CREDIT CARDS, student loans, car payments, mortgages. If you go through a box of checks like a flu victim goes through Kleenex, you may be a candidate for loan consolidation. You've got lots of options to choose from, whether it's taking a personal loan from your bank or credit union or rolling your credit-card balances to a low-rate card. The key is to reduce your interest rates — not just your monthly out-of-pocket costs.
These days, debt can be cheap and some credit-card companies are charging single-digit interest rates for their best customers. So if you're paying upwards of 15% on several credit cards, then consolidating your debt could save you a lot of cash. Our consolidation calculator will help you figure out just how much. Enter the current balance on your loans along with the interest charged, and you'll see how consolidation will affect your overall interest rate. (Of course, if you take this opportunity to reduce your principal payments, your new low-interest rate loan could end up costing you more than the old one.)
What Type of Loan Should You Get?
No matter what, stay away from debt-consolidation scams — you know, those e-mails you get promising to reduce your monthly payments even if you have bad credit. "With finance companies, you'll pay as much as 26% in interest and probably hurt your credit rating," says Gerri Detweiler, author of "The Ultimate Credit Handbook." Furthermore, they will charge application and handling fees you wouldn't have to pay otherwise.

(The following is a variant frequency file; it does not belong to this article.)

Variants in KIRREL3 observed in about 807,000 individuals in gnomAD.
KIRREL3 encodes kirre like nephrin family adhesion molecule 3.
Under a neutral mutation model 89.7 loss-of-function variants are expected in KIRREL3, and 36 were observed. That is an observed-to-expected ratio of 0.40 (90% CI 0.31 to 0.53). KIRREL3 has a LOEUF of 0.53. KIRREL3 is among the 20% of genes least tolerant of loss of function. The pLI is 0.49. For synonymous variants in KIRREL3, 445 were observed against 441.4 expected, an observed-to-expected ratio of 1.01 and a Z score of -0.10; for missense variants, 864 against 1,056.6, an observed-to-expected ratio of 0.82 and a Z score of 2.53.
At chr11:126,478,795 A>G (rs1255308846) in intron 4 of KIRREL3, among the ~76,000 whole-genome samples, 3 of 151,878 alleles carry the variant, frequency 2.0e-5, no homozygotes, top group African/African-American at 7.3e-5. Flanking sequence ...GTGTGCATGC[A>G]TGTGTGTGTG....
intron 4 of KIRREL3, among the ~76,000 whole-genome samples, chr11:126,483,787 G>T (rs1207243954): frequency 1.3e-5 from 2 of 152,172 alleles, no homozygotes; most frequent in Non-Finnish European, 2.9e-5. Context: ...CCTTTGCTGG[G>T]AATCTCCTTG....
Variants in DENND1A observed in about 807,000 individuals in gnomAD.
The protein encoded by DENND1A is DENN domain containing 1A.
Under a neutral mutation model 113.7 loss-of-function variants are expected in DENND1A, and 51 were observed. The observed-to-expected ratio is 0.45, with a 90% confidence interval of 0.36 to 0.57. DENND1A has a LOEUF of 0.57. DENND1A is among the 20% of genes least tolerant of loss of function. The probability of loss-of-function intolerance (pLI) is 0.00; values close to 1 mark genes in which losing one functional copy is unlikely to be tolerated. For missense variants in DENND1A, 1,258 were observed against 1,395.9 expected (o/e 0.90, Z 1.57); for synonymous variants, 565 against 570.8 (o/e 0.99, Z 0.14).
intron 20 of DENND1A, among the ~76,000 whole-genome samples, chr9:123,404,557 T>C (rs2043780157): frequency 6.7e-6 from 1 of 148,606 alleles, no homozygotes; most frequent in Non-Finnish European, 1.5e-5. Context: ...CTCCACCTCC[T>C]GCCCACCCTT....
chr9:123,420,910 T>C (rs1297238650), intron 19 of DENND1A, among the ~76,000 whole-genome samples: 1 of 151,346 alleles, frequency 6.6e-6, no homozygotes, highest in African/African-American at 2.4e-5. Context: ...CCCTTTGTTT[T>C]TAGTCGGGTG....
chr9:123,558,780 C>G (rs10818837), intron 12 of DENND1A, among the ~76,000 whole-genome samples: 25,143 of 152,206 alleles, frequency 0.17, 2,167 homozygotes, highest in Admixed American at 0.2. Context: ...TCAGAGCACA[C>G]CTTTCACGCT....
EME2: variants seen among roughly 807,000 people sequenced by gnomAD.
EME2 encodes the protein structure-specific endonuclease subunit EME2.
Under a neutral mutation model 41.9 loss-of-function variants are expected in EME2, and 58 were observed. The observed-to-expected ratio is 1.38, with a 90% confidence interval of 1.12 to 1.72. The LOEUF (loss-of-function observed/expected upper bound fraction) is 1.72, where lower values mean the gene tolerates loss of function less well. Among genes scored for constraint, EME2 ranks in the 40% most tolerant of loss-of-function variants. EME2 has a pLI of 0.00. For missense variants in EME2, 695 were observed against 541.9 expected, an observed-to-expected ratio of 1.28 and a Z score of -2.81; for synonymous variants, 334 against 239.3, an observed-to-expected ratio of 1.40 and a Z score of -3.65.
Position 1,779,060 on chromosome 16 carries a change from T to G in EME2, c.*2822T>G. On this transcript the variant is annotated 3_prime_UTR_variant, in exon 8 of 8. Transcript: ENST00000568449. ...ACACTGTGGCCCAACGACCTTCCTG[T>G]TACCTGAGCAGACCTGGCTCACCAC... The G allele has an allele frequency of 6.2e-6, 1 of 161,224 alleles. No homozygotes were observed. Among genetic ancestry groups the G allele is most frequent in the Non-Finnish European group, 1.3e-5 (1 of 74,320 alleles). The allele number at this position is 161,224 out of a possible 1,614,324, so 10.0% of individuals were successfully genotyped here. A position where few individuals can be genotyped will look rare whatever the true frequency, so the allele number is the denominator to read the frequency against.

If your debt is only tied up in credit cards, then a much better option is to simply roll over your credit-card debt to a card with a lower interest rate. For the best deals, check out our credit-card rates page.
But if you're looking to consolidate different types of loans, or if you're looking for cheaper rates than those offered by credit-card companies, check to see if you qualify for a personal loan from your bank or credit union. These loans can be secured (backed by something you own) or unsecured, but with unsecured loans, "i's going to be difficult to qualify," warns Detweiler.
If you're a homeowner, consider a home equity loan. The interest on these loans is tax deductible, as long as your loan doesn't exceed the value of your house. Bankrate.com provides national averages as well as the best rates by state. Just bear in mind, if you default on your loan, you risk losing what is most likely your most valuable asset.
And finally, you could also consider borrowing against your 401(k) or other investments via a margin account. Borrowing on margin to pay off your debt can be cheap (most brokerages charge you slightly more than the broker call rate, which these days is 3.75%), but very risky, and we wouldn't recommend it. Why? Because if the market moves in a way you hadn't anticipated, then that loan could be called in — pronto.
A Final Note
Once you've found a loan that makes sense for you, be sure to use your new savings to pay down your principal. And, whatever you do, don't look at your zero-balance credit cards as an opportunity to indulge. Cancel those suckers instead!